Optimizing Optimization Algorithms: How to Get the Best Results

January 23, 2015 2:36 pm | by Larry Hardesty, MIT | News | Comments

Optimization algorithms, which try to find the minimum values of mathematical functions, are everywhere in engineering. Among other things, they’re used to evaluate design tradeoffs, to assess control systems, and to find patterns in data. One way to solve a difficult optimization problem is to first reduce it to a related but much simpler problem, then gradually add complexity back in ...

The University of Texas at Austin took home top honors with a new app called CallScout, designed to give Texas residents fast and easy access to information about social services in their area.

IBM Watson Group Awards UT Austin $100K to Bring Social Services App to Residents

January 16, 2015 2:08 pm | by IBM | News | Comments

IBM has announced the first winner of its Watson University Competition, part of the company's partnership with top universities through its cognitive computing academic initiative. The winning team of student entrepreneurs from the University of Texas at Austin will receive $100,000 in total in seed funding to help launch a business based on their Watson app, which offers the promise of improved citizen services.

Developing a more efficient vision system for household robots. Courtesy of Christine Daniloff and Jose-Luis Olivares/MIT

MIT Algorithm Helps Household Robots Identify Items Concealed in Clutter

January 15, 2015 9:49 am | by Larry Hardesty, MIT | News | Comments

For household robots to be practical, they need to be able to recognize the objects they’re supposed to manipulate. While object recognition is one of the most widely studied topics in AI, even the best detectors still fail much of the time. Researchers believe the robots should take advantage of their mobility, imaging objects from multiple perspectives. Matching up objects in the different images, however, poses computational challenges.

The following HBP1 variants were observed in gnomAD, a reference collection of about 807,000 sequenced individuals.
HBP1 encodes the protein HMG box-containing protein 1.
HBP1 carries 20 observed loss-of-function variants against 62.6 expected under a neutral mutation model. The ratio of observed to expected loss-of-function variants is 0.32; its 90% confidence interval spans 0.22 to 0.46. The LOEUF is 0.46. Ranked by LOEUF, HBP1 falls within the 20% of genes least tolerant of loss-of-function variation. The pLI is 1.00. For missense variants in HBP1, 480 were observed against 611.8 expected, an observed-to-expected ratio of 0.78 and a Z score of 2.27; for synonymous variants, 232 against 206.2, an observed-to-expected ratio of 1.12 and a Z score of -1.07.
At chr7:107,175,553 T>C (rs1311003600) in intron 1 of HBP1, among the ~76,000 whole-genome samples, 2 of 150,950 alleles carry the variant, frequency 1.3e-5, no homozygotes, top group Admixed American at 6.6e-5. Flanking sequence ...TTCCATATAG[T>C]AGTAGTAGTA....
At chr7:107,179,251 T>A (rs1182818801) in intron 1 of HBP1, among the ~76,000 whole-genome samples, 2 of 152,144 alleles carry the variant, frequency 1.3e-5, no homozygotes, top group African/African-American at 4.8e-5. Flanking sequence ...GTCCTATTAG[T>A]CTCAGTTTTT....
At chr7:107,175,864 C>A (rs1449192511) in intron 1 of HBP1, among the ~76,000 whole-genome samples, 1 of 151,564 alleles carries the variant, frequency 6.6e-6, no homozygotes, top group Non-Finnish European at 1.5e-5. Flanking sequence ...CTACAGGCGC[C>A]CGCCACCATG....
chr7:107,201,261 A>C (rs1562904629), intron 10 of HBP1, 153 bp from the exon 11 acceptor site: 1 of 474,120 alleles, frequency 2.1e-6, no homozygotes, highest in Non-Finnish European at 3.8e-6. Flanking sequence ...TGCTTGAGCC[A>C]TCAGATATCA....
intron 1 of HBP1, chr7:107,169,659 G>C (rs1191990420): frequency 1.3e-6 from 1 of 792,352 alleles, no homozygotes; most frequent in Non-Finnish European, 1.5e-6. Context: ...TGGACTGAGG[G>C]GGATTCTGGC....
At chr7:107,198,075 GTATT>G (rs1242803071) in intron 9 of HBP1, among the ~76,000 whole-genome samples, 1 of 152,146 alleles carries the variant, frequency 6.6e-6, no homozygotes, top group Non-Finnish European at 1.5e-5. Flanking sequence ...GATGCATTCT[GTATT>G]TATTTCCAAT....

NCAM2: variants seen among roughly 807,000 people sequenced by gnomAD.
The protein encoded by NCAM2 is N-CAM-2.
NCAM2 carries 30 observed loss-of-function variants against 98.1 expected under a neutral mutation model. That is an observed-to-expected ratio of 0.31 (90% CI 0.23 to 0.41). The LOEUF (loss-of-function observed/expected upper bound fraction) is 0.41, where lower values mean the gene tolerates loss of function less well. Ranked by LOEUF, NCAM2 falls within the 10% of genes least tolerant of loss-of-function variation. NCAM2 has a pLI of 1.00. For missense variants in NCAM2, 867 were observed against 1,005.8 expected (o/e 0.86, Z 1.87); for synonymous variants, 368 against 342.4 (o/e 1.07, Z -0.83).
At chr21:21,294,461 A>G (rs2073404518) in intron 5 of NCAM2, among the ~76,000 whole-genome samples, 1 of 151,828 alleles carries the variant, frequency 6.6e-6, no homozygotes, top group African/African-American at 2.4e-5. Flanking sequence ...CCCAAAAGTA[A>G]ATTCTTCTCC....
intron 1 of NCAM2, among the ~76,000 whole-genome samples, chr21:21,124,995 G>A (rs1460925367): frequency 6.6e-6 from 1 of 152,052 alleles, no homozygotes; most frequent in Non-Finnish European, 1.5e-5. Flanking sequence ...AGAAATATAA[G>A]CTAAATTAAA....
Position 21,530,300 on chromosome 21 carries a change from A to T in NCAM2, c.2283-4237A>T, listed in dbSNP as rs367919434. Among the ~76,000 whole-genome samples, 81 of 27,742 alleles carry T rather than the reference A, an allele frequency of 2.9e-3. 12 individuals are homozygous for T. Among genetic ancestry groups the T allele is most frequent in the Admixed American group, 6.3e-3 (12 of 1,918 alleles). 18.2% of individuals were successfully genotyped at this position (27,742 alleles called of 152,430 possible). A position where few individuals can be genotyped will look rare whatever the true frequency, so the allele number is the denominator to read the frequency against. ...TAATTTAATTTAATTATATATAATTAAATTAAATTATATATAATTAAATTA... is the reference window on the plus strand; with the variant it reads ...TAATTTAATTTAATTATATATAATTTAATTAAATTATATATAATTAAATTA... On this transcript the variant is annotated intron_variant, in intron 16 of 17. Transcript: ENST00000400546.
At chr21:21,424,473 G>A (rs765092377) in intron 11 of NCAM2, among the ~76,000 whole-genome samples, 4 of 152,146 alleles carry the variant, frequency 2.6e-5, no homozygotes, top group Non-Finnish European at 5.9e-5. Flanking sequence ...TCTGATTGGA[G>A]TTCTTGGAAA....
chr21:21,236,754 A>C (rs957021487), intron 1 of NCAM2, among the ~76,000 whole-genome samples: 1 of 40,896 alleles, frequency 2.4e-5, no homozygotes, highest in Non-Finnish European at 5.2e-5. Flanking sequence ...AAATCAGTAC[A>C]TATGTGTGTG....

IBM broke the U.S. patent record in 2014, becoming the first company to exceed 7,000 patents in a single year. More than 8,500 IBM inventors around the world, including researcher Stacy Hobson (pictured), produced 7,534 patents for IBM in 2014.

IBM Breaks U.S. Patent Record

January 13, 2015 10:35 am | by IBM | News | Comments

IBM has announced that it received a record 7,534 patents in 2014 — marking the 22nd consecutive year that the company topped the annual list of U.S. patent recipients. IBM inventors earned an average of more than 20 patents per day in 2014, propelling the company to become the first to surpass more than 7,000 patents in a single year.

The results show that, by mining Facebook Likes, the computer model was able to predict a person's personality more accurately than most of their friends and family.

AI: Computers Know the Real You Better than Friends, Family

January 13, 2015 10:01 am | by University of Cambridge | News | Comments

Researchers have found that, based on enough Facebook Likes, computers can judge your personality traits better than your friends, family and even your partner. Using a new algorithm, researchers have calculated the average number of Likes artificial intelligence (AI) needs to draw personality inferences about you as accurately as your partner or parents.

The all-electric Nissan Leaf fitted with autonomous drive equipment allowed to park at NASA's Ames Research Center. Courtesy of Business Wire

NASA, Nissan Partner to Deploy Autonomous Drive Vehicles by Year End

January 9, 2015 11:28 am | by Nissan | News | Comments

NASA and Nissan have announced the formation of a five-year research and development partnership to advance autonomous vehicle systems and prepare for commercial application of the technology. Researchers from NASA’s Ames Research Center and Nissan’s U.S. Silicon Valley Research Center will focus on autonomous drive systems, human-machine interface solutions, network-enabled applications, and software analysis and verification.

A heat map of a home captured by one of Essess' thermal-imaging cars. Courtesy of Essess

Drive-by Heat Mapping: Thermal Imaging Tracks Energy Leaks in Thousands of Homes

January 6, 2015 12:04 pm | by Rob Matheson, MIT | News | Comments

In 2007, Google unleashed a fleet of cars with roof-mounted cameras to provide street-level images of roads around the world. Now, an MIT spinout is bringing similar drive-by innovations to energy efficiency by deploying cars with thermal-imaging rooftop rigs that create heat maps of thousands of homes and buildings per hour, detecting fixable leaks in building envelopes — windows, doors, walls and foundations — to help curb energy loss.